Customer relationship management software maker Salesforce (NYSE:CRM) announced better-than-expected results in the Q4 FY2023 quarter, with revenue up 14.4% year on year to $8.38 billion. Guidance for next quarter's revenue was $8.17 billion at the midpoint, which is 1.77% above the analyst consensus. Salesforce made a GAAP loss of $98 million, down on its loss of $28 million, in the same quarter last year.
Salesforce (CRM) Q4 FY2023 Highlights:
- Revenue: $8.38 billion vs analyst estimates of $7.99 billion (4.9% beat)
- EPS (non-GAAP): $1.68 vs analyst estimates of $1.36 (23.4% beat)
- Revenue guidance for Q1 2024 is $8.17 billion at the midpoint, above analyst estimates of $8.03 billion
- Management's revenue guidance for upcoming financial year 2024 is $34.6 billion at the midpoint, beating analyst estimates by 1.39% and predicting 10.4% growth (vs 18.7% in FY2023)
- Free cash flow of $2.57 billion, up from $115 million in previous quarter
- Gross Margin (GAAP): 75%, up from 72.5% same quarter last year
Launched in 1999 from a rented one-bedroom apartment in San Francisco by Marc Benioff and his three co-founders, Salesforce (NYSE:CRM) is a software as a service platform that helps companies access, manage and share sales information.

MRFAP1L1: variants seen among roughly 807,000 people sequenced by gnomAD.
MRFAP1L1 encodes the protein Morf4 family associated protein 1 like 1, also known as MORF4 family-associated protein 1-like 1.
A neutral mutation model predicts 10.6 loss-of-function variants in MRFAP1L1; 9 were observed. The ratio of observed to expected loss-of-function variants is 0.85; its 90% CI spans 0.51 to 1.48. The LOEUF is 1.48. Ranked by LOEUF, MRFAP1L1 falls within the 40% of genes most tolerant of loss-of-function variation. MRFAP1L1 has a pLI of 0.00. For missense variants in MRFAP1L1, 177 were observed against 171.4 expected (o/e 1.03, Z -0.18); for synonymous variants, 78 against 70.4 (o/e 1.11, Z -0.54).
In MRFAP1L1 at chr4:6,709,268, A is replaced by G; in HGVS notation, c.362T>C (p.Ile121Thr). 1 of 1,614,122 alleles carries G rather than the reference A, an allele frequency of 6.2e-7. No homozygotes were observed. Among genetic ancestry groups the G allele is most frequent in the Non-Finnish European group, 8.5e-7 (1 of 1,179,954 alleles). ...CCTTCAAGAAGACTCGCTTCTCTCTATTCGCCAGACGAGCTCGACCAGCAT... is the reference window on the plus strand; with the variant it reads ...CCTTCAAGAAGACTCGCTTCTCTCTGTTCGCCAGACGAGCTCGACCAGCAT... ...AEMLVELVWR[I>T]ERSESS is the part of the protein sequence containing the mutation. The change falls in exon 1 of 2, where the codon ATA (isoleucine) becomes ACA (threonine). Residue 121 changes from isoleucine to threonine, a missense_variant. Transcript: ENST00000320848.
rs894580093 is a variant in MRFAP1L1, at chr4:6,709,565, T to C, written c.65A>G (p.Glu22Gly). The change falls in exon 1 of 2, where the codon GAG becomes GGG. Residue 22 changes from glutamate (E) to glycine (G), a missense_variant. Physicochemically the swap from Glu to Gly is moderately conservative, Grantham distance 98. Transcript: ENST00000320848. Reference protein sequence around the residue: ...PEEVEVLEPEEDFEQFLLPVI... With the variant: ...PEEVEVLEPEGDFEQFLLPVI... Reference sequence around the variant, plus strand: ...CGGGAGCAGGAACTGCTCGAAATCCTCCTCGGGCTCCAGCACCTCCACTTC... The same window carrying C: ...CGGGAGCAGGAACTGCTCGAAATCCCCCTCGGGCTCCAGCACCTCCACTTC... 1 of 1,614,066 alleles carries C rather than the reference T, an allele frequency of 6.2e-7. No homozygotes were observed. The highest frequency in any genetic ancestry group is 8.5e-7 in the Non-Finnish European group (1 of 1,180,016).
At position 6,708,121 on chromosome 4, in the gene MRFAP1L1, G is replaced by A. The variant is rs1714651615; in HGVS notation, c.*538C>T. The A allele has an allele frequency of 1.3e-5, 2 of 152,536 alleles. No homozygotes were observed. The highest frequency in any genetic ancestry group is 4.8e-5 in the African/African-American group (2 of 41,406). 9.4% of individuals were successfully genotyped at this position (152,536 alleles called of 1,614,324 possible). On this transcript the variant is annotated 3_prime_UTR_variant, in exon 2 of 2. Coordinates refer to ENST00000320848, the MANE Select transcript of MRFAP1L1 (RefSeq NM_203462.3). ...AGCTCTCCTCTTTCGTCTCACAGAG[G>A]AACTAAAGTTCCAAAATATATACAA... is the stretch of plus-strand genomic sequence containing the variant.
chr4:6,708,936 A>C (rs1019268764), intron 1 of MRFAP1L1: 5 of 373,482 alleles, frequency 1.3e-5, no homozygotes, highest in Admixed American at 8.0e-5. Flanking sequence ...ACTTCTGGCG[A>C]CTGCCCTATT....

Over time the company grew into a technology behemoth that now offers tools for complete management of a company’s sales, marketing and customer support efforts. From managing sales teams and designing sales processes, to automating personalised email and digital advertising campaigns to integrating all the data together in the cloud so the customer service knows what the sales promised to the person they just have on the call, Salesforce has it.
The power of Salesforce lies in that it becomes a de-facto operating system of the company’s sales and marketing function, centralising all the data and offering extreme customization, so that companies can adjust the software to exactly fit their internal processes. It now even offers the ability for customers to build new applications on top of the platform using building blocks that Salesforce have pre-made or their own.
Companies need to be able to interact with and sell to their customers as efficiently as possible. This reality, coupled with the ongoing migration of enterprises to the cloud drives demand for cloud-based customer relationship management (CRM) software that integrate data analytics with sales and marketing functions.
While it remains a strong brand in the cloud software space, Salesforce faces competition from Oracle (NYSE:ORCL), SAP (NYSE:SAP), HubSpot (NYSE:HUBS), and Zoho.
As you can see below, Salesforce's revenue growth has been strong over the last two years, growing from quarterly revenue of $5.82 billion in Q4 FY2021, to $8.38 billion.
This quarter, Salesforce's quarterly revenue was once again up 14.4% year on year. We can see that the company increased revenue by $547 million quarter on quarter. That's a solid improvement on the $117 million increase in Q3 2023, so shareholders should appreciate the acceleration of growth.